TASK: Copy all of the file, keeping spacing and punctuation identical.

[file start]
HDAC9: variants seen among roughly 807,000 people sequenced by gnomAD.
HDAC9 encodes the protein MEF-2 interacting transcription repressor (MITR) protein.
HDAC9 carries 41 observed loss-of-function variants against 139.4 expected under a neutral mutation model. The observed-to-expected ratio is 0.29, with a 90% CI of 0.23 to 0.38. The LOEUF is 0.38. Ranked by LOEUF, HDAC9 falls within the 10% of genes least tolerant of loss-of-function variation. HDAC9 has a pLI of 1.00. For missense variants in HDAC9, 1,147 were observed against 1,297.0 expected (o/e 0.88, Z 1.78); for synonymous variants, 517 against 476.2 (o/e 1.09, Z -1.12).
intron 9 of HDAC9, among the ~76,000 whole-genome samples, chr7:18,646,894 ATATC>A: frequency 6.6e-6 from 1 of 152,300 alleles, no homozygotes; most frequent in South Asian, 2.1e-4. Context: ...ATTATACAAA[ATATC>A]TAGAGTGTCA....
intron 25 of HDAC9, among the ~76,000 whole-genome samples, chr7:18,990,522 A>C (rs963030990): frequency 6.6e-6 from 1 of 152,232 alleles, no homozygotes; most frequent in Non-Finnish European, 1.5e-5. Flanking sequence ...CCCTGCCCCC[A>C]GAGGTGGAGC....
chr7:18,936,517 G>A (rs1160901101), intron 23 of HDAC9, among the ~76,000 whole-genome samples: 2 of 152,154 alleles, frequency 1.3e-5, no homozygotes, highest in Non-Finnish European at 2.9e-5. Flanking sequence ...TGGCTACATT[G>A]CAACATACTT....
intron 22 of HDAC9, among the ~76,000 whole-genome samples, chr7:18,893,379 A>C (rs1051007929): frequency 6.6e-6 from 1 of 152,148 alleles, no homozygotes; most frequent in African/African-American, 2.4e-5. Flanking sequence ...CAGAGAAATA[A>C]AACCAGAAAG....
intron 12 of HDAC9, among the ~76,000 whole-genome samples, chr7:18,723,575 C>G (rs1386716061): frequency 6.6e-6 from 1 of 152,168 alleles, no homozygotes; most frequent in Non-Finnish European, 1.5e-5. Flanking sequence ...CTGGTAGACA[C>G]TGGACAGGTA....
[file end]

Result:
HDAC9: variants seen among roughly 807,000 people sequenced by gnomAD.
HDAC9 encodes the protein MEF-2 interacting transcription repressor (MITR) protein.
HDAC9 carries 41 observed loss-of-function variants against 139.4 expected under a neutral mutation model. The observed-to-expected ratio is 0.29, with a 90% CI of 0.23 to 0.38. The LOEUF is 0.38. Ranked by LOEUF, HDAC9 falls within the 10% of genes least tolerant of loss-of-function variation. HDAC9 has a pLI of 1.00. For missense variants in HDAC9, 1,147 were observed against 1,297.0 expected (o/e 0.88, Z 1.78); for synonymous variants, 517 against 476.2 (o/e 1.09, Z -1.12).
intron 9 of HDAC9, among the ~76,000 whole-genome samples, chr7:18,646,894 ATATC>A: frequency 6.6e-6 from 1 of 152,300 alleles, no homozygotes; most frequent in South Asian, 2.1e-4. Context: ...ATTATACAAA[ATATC>A]TAGAGTGTCA....
intron 25 of HDAC9, among the ~76,000 whole-genome samples, chr7:18,990,522 A>C (rs963030990): frequency 6.6e-6 from 1 of 152,232 alleles, no homozygotes; most frequent in Non-Finnish European, 1.5e-5. Flanking sequence ...CCCTGCCCCC[A>C]GAGGTGGAGC....
chr7:18,936,517 G>A (rs1160901101), intron 23 of HDAC9, among the ~76,000 whole-genome samples: 2 of 152,154 alleles, frequency 1.3e-5, no homozygotes, highest in Non-Finnish European at 2.9e-5. Flanking sequence ...TGGCTACATT[G>A]CAACATACTT....
intron 22 of HDAC9, among the ~76,000 whole-genome samples, chr7:18,893,379 A>C (rs1051007929): frequency 6.6e-6 from 1 of 152,148 alleles, no homozygotes; most frequent in African/African-American, 2.4e-5. Flanking sequence ...CAGAGAAATA[A>C]AACCAGAAAG....
intron 12 of HDAC9, among the ~76,000 whole-genome samples, chr7:18,723,575 C>G (rs1386716061): frequency 6.6e-6 from 1 of 152,168 alleles, no homozygotes; most frequent in Non-Finnish European, 1.5e-5. Flanking sequence ...CTGGTAGACA[C>G]TGGACAGGTA....